Q: How does TED-Ed fit in with Future Ready Schools – New Jersey?
I was fortunate to be chairman of the education portion of Future Ready Schools – N.J. One of the strands we wanted to put into the framework was student voice, the idea of that being a central part of how a district moves and operates. Being involved with Future Ready and TED, I saw a direct connection. TED-Ed gave me licensing to create a non-profit as a marketing tool to get more people involved. It fit naturally with the Future Ready initiative.
Q: You are starting a TED-Ed club in Union City’s Freshman Academy. Can you tell us what that will involve?
We’re looking to create a club in the freshman academy, selecting a group of students, going through the curriculum TED-Ed provides, and looking at our urban area, figuring out how we can improve it. We met with district leadership and leadership of the freshman building. Through TED-Ed we can listen to ideas, and put them into action. We will do professional development, and introduce the curriculum. We’re looking to possibly do our own TED talk in the latter part of this school year.
Q: Did you face any hurdles or challenges in getting the club ready to start?
Surprising as it may be, some people don’t know what TED is, or the basics of it. Some of it has been explaining what TED is, making people aware of the power, who gets to do it, what building gets to launch it. We wanted this to be an introductory activity for kids in the freshman building. There’s no cost to start TED in a district. The only cost is paying the educator who would run the club. If you apply for TED, there’s no charge. TED is a non-profit.
Q: You also organized the TED-Ed DIVE, held in New Jersey in December. How many people took part? Who were they, and what did the event include?
Being a Ted Innovative Educator, I had to come up with a passion project. I was so floored by everything TED offered. When I came back, my mission was to create this as much as we can, as fast as we can. The superintendent of West Windsor Plainsboro, who is also a TED Innovative Educator, and I connected. We came up with idea of creating a recruitment tool to spread TED as much as possible. Working with the TED-Ed team, we said let’s create a “TED-Ed Club DIVE,” where people come to an event and take a dive into TED-Ed world. They can get a taste here, and take it back to their district.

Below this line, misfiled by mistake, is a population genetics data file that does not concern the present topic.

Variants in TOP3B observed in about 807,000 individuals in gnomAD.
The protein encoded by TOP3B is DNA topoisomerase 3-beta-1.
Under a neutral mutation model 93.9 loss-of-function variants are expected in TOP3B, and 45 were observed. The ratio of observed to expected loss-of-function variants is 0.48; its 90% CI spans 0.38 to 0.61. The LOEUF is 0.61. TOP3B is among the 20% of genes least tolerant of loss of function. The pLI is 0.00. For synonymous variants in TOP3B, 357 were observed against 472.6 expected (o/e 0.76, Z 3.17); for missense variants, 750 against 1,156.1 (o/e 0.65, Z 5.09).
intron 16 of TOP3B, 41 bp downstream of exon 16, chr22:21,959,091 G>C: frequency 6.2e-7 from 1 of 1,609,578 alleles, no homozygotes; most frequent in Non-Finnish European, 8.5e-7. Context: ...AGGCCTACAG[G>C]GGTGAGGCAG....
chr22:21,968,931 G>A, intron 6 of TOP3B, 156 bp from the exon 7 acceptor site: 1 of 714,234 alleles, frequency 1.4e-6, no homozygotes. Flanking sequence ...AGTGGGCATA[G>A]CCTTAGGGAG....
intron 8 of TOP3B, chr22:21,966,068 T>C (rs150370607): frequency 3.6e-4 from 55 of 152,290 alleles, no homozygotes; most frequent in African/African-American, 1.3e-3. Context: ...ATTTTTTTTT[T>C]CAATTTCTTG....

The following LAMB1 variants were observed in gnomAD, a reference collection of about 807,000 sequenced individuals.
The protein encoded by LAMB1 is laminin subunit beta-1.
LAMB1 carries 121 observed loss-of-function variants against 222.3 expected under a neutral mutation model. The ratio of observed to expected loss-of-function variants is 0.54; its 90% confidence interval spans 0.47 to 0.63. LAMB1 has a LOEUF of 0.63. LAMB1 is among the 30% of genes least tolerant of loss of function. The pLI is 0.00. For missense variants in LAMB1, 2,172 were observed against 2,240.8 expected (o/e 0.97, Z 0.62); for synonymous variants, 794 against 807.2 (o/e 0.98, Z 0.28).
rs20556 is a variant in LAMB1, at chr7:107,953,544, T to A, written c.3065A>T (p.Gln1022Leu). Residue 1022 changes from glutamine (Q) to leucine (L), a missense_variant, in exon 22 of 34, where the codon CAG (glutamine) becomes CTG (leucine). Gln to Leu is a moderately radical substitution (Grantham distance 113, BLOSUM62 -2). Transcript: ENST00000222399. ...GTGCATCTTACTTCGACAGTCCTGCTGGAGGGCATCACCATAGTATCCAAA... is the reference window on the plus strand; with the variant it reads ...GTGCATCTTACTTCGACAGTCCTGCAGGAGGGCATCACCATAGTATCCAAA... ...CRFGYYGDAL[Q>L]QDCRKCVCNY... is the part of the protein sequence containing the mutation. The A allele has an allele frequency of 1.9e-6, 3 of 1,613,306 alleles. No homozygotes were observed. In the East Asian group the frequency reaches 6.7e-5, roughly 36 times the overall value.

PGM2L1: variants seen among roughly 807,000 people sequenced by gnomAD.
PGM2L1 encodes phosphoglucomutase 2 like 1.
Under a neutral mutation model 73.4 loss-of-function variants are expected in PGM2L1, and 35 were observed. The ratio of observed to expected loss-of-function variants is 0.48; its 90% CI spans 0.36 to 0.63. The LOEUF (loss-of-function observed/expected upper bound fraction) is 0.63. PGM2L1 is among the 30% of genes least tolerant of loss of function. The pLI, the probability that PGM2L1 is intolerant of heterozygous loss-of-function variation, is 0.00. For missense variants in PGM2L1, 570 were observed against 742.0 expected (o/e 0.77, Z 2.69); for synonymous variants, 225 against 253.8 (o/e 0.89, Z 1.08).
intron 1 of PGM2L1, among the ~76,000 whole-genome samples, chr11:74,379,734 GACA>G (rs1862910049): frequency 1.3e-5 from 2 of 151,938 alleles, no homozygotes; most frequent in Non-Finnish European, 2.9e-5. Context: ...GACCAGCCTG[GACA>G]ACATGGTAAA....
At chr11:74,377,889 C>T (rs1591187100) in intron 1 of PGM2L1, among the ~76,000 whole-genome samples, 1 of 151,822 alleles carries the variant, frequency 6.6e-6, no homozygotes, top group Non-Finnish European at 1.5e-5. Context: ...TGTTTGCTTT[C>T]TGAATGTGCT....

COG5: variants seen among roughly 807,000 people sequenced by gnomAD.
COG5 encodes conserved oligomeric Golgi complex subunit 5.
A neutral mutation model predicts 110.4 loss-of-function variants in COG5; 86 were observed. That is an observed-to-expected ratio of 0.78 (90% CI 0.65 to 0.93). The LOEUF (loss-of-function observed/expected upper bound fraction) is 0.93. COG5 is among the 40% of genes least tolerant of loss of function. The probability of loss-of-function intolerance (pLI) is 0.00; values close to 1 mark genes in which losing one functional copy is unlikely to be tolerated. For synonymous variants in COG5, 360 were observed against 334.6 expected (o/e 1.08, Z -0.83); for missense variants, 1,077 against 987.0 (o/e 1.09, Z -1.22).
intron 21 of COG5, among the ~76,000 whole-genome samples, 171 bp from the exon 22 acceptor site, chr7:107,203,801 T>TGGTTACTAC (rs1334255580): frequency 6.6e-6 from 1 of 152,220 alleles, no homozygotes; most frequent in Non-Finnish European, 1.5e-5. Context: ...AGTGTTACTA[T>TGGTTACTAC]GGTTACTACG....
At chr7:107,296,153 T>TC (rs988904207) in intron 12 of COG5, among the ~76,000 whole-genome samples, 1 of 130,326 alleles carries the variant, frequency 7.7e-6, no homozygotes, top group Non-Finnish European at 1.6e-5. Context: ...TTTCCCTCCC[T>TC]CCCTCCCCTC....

We held it at a West Windsor middle school. We had a snowstorm, and we still packed it out. We had about 300 people – students, educators, educators looking to create clubs. Some teachers brought existing clubs, and we had TED speakers as well. We had breakout sessions; we had official TED animators doing workshops on stop-motion animation. One breakout session was student lightning rounds, like an “improv,” to promote public speaking. We’re still gathering data on the event, but one thing we did was follow up with an email. The response has been very positive. We are in talks now to possibly run one in another state, Pennsylvania or New York. Future Ready Schools – N.J. also reached out, and wants us to repeat our presentation at their event. We are getting a lot of buzz.
Q: Is there any specific equipment needed to start a TED-Ed club, and can you estimate the costs involved?
The actual initial cost is free. There is no fee, no cost, no curriculum you need to buy. No equipment needed at all. It’s optional, if you want to record talks and let students see themselves in action, you need equipment to do that. With technology today, all the equipment we really need is on our phones.
Q: Any advice for school boards that wish to see a TED-Ed club or program in their district?
A few things. First of all, districts really, really need to shift from teacher-centered classrooms to student-centered, and TED clubs can do that. TED-Ed clubs can provide many layers of support for students and staff. They provide confidence, self-awareness, empathy. You definitely want to bring it to your district school board members. It’s culture change.
It’s very aligned with the Future Ready program, the idea of providing student voice. It’s a great way to get feedback about the community as well. Sometimes kids approach things from a very wide lens — how do we solve world hunger, they come up with ideas. One student talk was about a big pool of plastic floating in the middle of the ocean. There was a TED talk about how we should collect and melt it down, and create filament for 3d printers. They come up with solutions for problems that can be as small as the community, or as wide as the world.